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Mobile Apps Make Shopping a Snap—or Rather, a Tap

Nov 01, 2016 06:47AM ● Published by Jennifer Monahan

As someone who has often wrangled a bulky purse, diaper bag, backpack, stroller, child(ren) and essential travel mug full of strong coffee through the store, I am always on the lookout for ways to make the shopping process easier. A number of mobile apps designed to do exactly that are now available to shoppers in possession of a smartphone.

Key Ring is a favorite because it immediately decreases the clutter in my purse. The app allows users to scan and upload the information from a store’s loyalty or membership card (those little tags that live on your keyring and proceed to shed their laminate coatings and curl in on the edges precisely four seconds after you add them). For the obsessive among us who need a back-up plan in place, the app also has users take a photo of the front and back of the loyalty card. All the information is stored within the app and accessible with one tap. Once your personal cards are loaded, the app will keep track of coupons and weekly sales offered by those stores. Users can also give the app access to their location, and it will list discounts and coupons available nearby, regardless of whether they have a loyalty card for that business. 

Flipp is another app that keeps track of a user’s loyalty cards and then uses them to search local fliers for coupons and deals. Flipp recently added a feature that allows individuals to snap a photo of a grocery list, then tap on each item to check it off the list. 

The Gyft app is similar to Key Ring, but is designed to manage gift cards so that people do not have to carry the cards around or remember to grab a particular one on their way out the door. Users can purchase gift cards for others as well, offering a paperless and easy way to procure last-minute gifts with a few simple clicks—and without a trip to a store.

Groupon and RetailMeNot are essential apps for budget-conscious shoppers. Both offer discounts on everything from restaurants and electronics to clothing and hotels. Groupon has deals on experiences like waterpark passes or paintball packages, and offers users access to discounts at local businesses as well as national chains. Savvy consumers can score deals on things like oil changes, kids’ craft projects and luggage.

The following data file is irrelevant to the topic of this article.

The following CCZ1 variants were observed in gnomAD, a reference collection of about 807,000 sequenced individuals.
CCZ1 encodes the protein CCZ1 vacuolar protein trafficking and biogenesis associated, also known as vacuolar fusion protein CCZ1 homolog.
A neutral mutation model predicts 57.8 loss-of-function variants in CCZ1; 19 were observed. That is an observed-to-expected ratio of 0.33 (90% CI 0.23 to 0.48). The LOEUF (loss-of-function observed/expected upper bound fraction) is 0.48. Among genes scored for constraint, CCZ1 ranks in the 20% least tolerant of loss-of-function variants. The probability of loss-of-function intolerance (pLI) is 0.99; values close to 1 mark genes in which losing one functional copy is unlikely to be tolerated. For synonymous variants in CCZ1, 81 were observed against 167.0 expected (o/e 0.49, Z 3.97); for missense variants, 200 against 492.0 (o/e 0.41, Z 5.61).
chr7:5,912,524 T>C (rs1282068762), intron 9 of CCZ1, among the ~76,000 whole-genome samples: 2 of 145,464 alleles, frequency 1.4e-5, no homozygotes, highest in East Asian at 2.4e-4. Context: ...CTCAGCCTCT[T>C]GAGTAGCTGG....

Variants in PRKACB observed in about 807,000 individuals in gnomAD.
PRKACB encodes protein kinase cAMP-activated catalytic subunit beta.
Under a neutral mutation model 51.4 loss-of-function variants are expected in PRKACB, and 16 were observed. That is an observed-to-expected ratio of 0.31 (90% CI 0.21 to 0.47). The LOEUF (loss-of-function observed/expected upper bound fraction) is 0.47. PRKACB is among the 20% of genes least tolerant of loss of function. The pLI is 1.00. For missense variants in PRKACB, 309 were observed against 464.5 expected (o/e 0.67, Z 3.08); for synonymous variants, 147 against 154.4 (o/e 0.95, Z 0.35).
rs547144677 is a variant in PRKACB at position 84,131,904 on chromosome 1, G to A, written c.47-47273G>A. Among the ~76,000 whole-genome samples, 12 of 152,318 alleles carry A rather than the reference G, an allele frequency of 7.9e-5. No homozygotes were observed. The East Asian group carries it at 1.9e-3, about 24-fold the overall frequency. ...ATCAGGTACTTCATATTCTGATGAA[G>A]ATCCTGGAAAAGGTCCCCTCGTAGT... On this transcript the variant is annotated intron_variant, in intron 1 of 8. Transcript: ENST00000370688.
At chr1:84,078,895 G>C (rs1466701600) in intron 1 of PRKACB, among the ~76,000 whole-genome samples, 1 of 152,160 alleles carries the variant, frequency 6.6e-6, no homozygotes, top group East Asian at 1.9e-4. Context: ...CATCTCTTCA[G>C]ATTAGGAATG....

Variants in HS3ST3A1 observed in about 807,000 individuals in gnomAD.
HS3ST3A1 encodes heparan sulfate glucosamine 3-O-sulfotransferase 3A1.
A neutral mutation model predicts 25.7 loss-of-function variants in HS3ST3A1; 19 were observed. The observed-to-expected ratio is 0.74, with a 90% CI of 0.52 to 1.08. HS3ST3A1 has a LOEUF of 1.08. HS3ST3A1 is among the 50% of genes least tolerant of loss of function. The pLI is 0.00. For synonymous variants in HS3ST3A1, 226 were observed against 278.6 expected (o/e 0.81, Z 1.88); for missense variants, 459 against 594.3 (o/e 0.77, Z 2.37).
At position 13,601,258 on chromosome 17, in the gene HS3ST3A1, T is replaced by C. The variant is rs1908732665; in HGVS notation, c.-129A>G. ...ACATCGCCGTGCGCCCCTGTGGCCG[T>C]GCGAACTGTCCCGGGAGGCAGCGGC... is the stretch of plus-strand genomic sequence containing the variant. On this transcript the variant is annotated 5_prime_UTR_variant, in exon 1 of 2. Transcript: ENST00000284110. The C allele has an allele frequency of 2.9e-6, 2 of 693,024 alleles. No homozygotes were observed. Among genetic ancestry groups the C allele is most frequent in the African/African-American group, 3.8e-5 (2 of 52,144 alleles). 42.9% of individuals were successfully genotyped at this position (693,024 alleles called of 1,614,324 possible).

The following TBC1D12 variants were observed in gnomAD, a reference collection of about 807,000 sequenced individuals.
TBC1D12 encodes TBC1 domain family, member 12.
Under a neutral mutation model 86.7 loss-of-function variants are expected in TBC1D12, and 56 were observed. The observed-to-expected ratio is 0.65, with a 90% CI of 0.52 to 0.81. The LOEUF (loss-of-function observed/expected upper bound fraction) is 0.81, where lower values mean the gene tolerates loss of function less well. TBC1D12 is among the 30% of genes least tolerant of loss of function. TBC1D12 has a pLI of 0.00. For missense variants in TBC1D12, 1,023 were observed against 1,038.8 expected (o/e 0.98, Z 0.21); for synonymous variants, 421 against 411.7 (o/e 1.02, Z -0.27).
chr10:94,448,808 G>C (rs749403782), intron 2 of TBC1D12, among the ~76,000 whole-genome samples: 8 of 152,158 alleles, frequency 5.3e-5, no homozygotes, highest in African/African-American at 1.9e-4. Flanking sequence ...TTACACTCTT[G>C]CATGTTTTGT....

RetailMeNot will pull up coupons and sales at different stores. The RetailMeNot website is a great place to search for coupon codes when ordering items online. One great feature of the app is that a shopper can pull up store coupons while waiting in line at places like Michael’s or Carter’s, ask the cashier to scan the coupon bar code, and get money off the purchase just for spending a few seconds tapping the screen on a smartphone.

PriceGrabber offers shoppers the chance to search by product to find out whether they are getting the best price available. For example, if someone wants to buy disinfectant wipes but is unsure about where to purchase them at the lowest cost, a simple search for that item will pull up the prices at a slew of online stores. One click will take the person directly to the seller’s website. The same process works equally well for items as varied as Blu-Ray disc players, hockey sticks and the latest David Baldacci book. RedLaser and ScanLife are other popular comparison shopping apps with similar functionality.

A number of stores have created their own apps to provide customers with information about sales and coupons. Target, Best Buy, Home Depot, Lowe’s, Kohl’s, Costco and many other retailers offer apps that have basic information like store hours or directions but also provide updates about sales and special deals. 

The Walmart app distinguishes itself from the pack because of the Walmart Savings Catcher, a feature within the existing Walmart app. The app allows users to scan their Walmart receipts at the time of purchase and up until seven days later. The app compares advertised deals that match eligible items on the receipt. If a lower advertised price is found, the customer gets the difference back from Walmart.

For the true technophiles out there, mobile payment apps offer consumers the option of leaving their wallets at home. Apps such as PayPal, Apple Pay, Android Pay and Samsung Pay require users to enter credit card information for at least one credit or debit card. From there, individuals can literally tap their smart phones to pay for purchases in brick-and-mortar stores, as long as the store itself accepts that service.

Even if customers may not be ready to scrap their wallets altogether in favor of online payment, a number of shopping apps out there deserve consideration. For both convenience and savings, apps offer consumers some helpful tools that are definitely worth the tap.

Technology, Today
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